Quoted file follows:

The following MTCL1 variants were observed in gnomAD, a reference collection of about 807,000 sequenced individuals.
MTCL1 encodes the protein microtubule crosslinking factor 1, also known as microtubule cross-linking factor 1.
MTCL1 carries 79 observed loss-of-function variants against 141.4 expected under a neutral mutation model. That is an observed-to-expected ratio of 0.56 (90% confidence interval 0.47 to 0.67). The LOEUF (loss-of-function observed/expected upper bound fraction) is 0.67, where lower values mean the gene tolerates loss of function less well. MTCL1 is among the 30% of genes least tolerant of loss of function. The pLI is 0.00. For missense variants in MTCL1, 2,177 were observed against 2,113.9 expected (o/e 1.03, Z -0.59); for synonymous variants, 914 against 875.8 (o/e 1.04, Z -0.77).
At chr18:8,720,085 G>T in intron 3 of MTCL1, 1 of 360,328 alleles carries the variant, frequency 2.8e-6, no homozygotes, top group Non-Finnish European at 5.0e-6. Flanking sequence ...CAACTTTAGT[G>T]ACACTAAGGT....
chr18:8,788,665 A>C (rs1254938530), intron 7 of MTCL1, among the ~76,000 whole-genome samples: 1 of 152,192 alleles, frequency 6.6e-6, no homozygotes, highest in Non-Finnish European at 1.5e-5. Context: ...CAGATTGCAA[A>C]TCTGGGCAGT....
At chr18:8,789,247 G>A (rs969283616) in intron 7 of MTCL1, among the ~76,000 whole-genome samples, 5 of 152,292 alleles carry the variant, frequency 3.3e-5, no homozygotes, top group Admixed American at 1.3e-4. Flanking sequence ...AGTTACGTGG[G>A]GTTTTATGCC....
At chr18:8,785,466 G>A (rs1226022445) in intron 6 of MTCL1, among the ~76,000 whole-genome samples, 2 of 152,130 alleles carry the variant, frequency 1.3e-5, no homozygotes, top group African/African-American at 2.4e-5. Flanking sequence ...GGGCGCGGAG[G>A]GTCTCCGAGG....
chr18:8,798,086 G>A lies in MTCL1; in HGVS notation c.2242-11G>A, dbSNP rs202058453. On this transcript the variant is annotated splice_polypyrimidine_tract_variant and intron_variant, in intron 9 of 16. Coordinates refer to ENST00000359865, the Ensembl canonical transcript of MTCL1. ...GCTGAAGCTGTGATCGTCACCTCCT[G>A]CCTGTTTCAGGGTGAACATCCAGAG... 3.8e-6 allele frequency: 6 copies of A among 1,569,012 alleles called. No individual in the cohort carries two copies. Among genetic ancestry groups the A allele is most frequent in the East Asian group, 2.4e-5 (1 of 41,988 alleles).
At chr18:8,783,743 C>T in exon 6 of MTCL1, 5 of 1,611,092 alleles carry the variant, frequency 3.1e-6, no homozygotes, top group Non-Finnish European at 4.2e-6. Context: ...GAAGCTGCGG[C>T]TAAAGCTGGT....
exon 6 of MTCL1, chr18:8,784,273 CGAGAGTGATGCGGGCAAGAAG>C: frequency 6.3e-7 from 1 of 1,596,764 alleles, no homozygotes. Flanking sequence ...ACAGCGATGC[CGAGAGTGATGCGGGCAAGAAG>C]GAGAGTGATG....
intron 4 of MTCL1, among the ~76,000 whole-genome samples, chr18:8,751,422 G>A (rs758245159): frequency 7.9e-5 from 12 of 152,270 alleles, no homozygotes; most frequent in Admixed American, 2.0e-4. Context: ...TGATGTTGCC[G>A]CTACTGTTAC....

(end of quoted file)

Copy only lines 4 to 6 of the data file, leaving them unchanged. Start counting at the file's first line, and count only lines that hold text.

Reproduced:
At chr18:8,720,085 G>T in intron 3 of MTCL1, 1 of 360,328 alleles carries the variant, frequency 2.8e-6, no homozygotes, top group Non-Finnish European at 5.0e-6. Flanking sequence ...CAACTTTAGT[G>T]ACACTAAGGT....
chr18:8,788,665 A>C (rs1254938530), intron 7 of MTCL1, among the ~76,000 whole-genome samples: 1 of 152,192 alleles, frequency 6.6e-6, no homozygotes, highest in Non-Finnish European at 1.5e-5. Context: ...CAGATTGCAA[A>C]TCTGGGCAGT....
At chr18:8,789,247 G>A (rs969283616) in intron 7 of MTCL1, among the ~76,000 whole-genome samples, 5 of 152,292 alleles carry the variant, frequency 3.3e-5, no homozygotes, top group Admixed American at 1.3e-4. Flanking sequence ...AGTTACGTGG[G>A]GTTTTATGCC....